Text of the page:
Whenever American players make the move from MLS to one of the top leagues in Europe, there is always a period of adjustment and there is always a lot of pressure. As more MLS exports continue to succeed in the manner of Tyler Adams, Brenden Aaronson, Canadian Alphonso Davies, or even England’s Jack Harrison, there is pressure on the next generation of players to continue with that success.
This past January, many Americans and even a few top Canadians made jump to big European teams. Kevin Paredes was sold by D.C .United to Wolfsburg and George Bello was sold by Atlanta United to Arminia Bielefeld. NYCFC sent James Sands on an 18-month loan to Rangers and Colorado sent Cole Bassett to Feyenoord on a similar loan. New England sold talented Canadian winger Tajon Buchanan to Club Brugge and American goalkeeper Matt Turner to Arsenal.
No player, however, drew as much attention for a move as Ricardo Pepi. In the months leading up to his transfer, Pepi was one of the top stories in American soccer for a number of reasons. First, he had one of the best seasons an American teenager has ever had in MLS, scoring 13 goals. Then there was his much-covered decision to represent the United States over Mexico, where both of his parents emigrated from. Finally, his performances with the U.S. national team, when he scored important goals in World Cup qualifiers against Honduras and Jamaica followed by an assist in the second qualifier against Jamaica.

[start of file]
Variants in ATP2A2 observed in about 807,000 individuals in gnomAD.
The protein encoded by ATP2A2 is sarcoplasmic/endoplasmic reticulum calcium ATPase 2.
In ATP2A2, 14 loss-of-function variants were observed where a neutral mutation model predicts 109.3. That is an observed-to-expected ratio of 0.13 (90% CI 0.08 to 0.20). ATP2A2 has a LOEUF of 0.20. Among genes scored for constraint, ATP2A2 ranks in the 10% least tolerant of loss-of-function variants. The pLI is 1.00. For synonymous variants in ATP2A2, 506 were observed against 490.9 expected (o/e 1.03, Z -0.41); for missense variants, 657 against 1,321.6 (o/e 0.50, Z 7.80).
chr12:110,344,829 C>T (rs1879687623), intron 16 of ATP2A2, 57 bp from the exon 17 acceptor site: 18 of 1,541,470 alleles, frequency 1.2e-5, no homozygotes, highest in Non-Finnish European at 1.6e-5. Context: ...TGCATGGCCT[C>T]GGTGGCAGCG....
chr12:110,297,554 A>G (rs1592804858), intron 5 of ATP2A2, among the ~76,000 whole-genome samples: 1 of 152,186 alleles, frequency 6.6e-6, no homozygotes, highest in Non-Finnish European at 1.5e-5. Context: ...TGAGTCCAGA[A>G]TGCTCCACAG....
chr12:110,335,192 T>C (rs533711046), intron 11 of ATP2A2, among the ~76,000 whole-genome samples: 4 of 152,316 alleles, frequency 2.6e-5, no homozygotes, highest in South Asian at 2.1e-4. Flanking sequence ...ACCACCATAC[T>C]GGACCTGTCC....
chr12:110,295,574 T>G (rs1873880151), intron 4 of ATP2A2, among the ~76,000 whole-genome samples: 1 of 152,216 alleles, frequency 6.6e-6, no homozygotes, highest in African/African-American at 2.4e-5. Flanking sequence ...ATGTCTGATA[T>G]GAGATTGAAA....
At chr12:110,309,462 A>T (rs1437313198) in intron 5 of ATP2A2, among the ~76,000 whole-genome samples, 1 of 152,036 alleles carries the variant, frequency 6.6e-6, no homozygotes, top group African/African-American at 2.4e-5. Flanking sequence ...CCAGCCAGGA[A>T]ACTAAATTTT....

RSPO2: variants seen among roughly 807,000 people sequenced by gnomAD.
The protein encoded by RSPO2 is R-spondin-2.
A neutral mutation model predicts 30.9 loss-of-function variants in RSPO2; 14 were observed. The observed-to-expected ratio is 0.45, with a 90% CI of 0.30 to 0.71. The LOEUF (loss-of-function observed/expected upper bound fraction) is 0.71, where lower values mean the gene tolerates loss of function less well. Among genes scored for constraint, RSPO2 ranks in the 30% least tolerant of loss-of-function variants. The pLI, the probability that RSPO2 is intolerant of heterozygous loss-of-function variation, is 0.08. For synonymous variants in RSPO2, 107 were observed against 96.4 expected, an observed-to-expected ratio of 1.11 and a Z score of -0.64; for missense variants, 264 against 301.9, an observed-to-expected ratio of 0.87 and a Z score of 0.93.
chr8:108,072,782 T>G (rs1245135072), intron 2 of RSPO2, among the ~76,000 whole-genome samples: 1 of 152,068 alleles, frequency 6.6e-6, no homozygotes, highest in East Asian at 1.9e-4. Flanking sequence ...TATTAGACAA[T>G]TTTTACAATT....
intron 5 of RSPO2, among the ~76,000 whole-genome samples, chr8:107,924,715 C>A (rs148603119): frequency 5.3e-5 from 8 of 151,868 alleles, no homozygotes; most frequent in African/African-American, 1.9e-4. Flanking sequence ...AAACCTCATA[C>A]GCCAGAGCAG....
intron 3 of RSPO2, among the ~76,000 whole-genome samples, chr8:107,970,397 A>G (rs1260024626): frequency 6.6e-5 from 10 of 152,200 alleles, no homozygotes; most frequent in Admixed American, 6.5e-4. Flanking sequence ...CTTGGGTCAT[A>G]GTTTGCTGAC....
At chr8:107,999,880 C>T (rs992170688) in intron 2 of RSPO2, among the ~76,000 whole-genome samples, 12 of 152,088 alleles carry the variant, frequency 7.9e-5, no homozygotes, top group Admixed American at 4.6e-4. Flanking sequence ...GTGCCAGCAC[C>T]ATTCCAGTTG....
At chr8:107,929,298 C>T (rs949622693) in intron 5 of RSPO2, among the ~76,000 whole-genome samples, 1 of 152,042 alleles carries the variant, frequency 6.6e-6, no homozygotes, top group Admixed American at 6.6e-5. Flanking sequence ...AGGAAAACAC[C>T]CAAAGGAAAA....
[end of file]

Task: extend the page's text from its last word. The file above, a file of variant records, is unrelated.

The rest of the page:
All of these factors created a lot of hype and coverage around Pepi regarding what his next steps would be. Many were figuring he would land at a Champions League-caliber club in one of Europe’s “big five” leagues. But that was not the case. He ended up signing for one of the Bundesliga’s smaller teams in Augsburg while it was mired in a relegation battle.
“It wasn't the money,” Pepi recalled of his move. “I was planning on staying in the MLS for about another year or another two years. When Augsburg talked to my agent and talked to FC Dallas and decided to come forward with an offer, both teams decided to have an agreement. My agent called me and he was like, what do you think about Augsburg? And I was like, you know what? They're a great team. He was like, you know the risks you're taking on to them? It's a team that has a lot of young players and obviously they're in the relegation zone. Are you sure you want to take that risk? And I'm like, I'm willing to take the risk.”